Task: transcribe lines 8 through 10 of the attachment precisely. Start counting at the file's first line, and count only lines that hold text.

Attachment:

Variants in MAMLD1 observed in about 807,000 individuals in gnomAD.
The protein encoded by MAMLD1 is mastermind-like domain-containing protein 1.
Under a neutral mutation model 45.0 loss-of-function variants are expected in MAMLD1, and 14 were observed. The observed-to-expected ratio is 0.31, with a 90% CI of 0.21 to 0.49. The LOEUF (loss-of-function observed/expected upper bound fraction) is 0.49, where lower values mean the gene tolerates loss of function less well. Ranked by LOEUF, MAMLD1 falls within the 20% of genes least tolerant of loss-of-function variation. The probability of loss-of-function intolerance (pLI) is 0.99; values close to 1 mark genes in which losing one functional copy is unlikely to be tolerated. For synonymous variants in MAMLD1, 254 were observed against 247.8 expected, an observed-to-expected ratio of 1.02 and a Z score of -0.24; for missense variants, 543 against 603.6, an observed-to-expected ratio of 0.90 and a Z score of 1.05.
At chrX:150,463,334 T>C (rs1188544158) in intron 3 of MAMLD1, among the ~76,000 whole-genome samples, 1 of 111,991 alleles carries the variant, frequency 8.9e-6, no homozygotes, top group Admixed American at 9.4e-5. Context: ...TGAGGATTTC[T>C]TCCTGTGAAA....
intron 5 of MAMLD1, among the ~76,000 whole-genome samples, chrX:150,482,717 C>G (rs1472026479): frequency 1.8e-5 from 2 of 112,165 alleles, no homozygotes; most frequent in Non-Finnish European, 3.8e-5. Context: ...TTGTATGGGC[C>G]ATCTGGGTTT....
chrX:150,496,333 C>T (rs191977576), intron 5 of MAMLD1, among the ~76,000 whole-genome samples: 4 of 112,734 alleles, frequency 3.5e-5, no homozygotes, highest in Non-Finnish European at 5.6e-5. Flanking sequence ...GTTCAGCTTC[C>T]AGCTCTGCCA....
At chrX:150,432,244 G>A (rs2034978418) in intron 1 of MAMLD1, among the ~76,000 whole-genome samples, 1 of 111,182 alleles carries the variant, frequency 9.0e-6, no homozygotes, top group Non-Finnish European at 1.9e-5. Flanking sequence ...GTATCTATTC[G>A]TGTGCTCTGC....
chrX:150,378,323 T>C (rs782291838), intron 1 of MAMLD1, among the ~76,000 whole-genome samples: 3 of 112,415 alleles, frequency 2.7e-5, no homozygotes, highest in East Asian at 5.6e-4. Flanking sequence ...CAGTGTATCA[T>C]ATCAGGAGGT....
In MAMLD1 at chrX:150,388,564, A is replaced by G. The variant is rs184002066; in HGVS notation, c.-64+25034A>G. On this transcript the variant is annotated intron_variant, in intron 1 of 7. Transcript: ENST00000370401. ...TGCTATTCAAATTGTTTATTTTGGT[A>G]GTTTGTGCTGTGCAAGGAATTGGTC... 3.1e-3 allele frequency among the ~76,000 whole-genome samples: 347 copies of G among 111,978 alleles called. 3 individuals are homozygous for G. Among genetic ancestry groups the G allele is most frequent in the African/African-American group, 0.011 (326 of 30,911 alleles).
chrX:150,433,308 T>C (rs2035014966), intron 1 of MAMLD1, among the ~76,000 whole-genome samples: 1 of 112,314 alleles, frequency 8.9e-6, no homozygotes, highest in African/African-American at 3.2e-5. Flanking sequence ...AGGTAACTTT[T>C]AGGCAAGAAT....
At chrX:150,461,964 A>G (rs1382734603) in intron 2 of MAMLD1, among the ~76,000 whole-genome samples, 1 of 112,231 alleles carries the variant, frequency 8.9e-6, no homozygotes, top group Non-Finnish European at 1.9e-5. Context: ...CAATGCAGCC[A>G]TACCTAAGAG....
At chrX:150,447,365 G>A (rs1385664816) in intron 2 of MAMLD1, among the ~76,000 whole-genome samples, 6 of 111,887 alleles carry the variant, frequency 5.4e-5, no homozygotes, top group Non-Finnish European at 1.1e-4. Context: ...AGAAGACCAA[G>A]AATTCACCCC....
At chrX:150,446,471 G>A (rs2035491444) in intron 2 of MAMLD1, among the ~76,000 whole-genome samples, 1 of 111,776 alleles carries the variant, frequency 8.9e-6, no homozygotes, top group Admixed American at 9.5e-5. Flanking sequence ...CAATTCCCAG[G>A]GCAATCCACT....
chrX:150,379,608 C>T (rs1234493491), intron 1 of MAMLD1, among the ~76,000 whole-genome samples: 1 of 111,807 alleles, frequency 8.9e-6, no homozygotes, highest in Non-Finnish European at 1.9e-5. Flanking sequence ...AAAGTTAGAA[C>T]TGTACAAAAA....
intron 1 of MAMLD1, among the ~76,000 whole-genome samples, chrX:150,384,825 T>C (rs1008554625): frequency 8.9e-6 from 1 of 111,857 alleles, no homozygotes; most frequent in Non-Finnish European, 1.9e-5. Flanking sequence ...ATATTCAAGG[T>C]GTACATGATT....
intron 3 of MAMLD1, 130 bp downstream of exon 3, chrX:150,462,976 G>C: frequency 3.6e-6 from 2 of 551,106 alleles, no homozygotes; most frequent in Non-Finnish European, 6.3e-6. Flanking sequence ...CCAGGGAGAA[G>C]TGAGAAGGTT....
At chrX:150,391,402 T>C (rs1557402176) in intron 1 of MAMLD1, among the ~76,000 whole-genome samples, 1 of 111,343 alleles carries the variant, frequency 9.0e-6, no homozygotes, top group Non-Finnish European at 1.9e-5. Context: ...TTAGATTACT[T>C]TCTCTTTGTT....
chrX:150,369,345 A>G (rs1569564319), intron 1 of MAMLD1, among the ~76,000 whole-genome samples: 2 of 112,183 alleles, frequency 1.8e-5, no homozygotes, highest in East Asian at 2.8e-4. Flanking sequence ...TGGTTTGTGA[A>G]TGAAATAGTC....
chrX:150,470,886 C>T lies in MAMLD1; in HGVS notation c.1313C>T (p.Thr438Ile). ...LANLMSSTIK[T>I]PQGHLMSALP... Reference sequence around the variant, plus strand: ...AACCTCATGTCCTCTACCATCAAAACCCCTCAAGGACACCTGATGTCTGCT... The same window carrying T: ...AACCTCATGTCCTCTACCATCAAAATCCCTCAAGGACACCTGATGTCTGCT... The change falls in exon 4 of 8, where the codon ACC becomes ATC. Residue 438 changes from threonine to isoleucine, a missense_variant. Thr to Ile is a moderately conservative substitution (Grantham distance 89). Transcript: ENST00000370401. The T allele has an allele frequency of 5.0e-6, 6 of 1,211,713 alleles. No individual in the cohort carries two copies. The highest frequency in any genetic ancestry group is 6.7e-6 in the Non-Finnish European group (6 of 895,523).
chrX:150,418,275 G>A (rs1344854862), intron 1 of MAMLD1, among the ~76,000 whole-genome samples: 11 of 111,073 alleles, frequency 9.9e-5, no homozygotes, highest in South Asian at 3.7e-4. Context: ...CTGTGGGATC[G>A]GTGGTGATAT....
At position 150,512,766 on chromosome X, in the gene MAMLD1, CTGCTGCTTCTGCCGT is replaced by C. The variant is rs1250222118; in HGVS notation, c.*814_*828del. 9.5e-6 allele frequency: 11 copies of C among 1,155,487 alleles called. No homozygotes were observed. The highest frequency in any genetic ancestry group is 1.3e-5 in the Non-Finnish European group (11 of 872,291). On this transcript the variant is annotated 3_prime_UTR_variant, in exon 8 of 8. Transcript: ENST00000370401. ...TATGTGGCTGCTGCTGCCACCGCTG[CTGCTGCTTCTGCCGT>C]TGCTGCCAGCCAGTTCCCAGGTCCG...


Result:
chrX:150,378,323 T>C (rs782291838), intron 1 of MAMLD1, among the ~76,000 whole-genome samples: 3 of 112,415 alleles, frequency 2.7e-5, no homozygotes, highest in East Asian at 5.6e-4. Flanking sequence ...CAGTGTATCA[T>C]ATCAGGAGGT....
In MAMLD1 at chrX:150,388,564, A is replaced by G. The variant is rs184002066; in HGVS notation, c.-64+25034A>G. On this transcript the variant is annotated intron_variant, in intron 1 of 7. Transcript: ENST00000370401. ...TGCTATTCAAATTGTTTATTTTGGT[A>G]GTTTGTGCTGTGCAAGGAATTGGTC... 3.1e-3 allele frequency among the ~76,000 whole-genome samples: 347 copies of G among 111,978 alleles called. 3 individuals are homozygous for G. Among genetic ancestry groups the G allele is most frequent in the African/African-American group, 0.011 (326 of 30,911 alleles).
chrX:150,433,308 T>C (rs2035014966), intron 1 of MAMLD1, among the ~76,000 whole-genome samples: 1 of 112,314 alleles, frequency 8.9e-6, no homozygotes, highest in African/African-American at 3.2e-5. Flanking sequence ...AGGTAACTTT[T>C]AGGCAAGAAT....